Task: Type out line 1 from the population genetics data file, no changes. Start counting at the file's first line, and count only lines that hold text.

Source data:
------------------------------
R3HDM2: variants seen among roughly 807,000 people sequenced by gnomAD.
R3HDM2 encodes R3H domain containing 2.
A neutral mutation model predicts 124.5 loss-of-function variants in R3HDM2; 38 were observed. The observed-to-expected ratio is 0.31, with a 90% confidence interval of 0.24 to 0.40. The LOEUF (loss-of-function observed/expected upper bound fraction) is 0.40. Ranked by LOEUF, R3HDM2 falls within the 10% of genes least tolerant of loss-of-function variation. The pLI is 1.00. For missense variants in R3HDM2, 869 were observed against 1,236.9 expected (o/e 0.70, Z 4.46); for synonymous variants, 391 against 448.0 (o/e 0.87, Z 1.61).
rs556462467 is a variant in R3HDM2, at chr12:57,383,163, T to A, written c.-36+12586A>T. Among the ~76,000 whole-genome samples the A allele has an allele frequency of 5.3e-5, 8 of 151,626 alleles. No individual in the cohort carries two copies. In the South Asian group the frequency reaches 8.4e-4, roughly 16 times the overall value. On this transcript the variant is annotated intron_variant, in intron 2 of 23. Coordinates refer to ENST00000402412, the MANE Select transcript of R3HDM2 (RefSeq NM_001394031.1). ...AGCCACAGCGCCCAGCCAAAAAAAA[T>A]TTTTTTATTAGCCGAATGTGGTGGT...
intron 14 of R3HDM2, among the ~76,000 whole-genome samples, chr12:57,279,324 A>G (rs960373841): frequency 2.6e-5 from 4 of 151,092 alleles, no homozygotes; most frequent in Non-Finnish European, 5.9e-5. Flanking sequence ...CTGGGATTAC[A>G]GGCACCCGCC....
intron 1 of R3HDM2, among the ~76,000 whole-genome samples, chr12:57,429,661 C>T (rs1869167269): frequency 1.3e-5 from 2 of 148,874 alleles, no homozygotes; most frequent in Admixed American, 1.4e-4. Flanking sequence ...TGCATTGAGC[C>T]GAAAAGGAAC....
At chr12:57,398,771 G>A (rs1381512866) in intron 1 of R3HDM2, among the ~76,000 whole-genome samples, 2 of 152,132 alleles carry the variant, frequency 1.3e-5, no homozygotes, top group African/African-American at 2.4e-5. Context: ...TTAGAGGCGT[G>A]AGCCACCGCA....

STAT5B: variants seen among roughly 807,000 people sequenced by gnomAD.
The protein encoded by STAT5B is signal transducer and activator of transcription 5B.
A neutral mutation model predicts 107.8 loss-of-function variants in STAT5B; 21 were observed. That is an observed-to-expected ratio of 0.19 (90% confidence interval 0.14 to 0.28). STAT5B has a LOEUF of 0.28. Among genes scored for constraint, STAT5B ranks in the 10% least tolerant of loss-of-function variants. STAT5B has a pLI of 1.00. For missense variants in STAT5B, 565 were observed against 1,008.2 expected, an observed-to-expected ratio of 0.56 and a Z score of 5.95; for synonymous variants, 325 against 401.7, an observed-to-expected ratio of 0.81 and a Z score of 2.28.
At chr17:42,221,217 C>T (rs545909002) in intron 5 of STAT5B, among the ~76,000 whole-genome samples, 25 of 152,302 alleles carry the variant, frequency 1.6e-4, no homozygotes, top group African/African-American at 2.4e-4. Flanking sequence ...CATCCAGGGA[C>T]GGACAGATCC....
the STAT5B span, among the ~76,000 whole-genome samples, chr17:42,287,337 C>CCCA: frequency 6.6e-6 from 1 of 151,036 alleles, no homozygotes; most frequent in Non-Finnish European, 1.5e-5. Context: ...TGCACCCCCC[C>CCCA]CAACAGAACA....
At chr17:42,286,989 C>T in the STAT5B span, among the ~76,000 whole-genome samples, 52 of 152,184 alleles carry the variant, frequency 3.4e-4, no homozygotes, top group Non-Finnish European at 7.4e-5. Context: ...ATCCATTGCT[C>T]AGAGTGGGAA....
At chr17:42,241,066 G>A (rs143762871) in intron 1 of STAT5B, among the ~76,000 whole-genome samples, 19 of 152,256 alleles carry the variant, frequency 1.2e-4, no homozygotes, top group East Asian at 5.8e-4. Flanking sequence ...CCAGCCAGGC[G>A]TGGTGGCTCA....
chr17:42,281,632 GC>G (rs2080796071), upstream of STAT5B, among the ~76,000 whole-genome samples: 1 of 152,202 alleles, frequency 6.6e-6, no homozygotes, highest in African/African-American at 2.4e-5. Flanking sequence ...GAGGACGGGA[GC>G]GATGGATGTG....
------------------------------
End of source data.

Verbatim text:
R3HDM2: variants seen among roughly 807,000 people sequenced by gnomAD.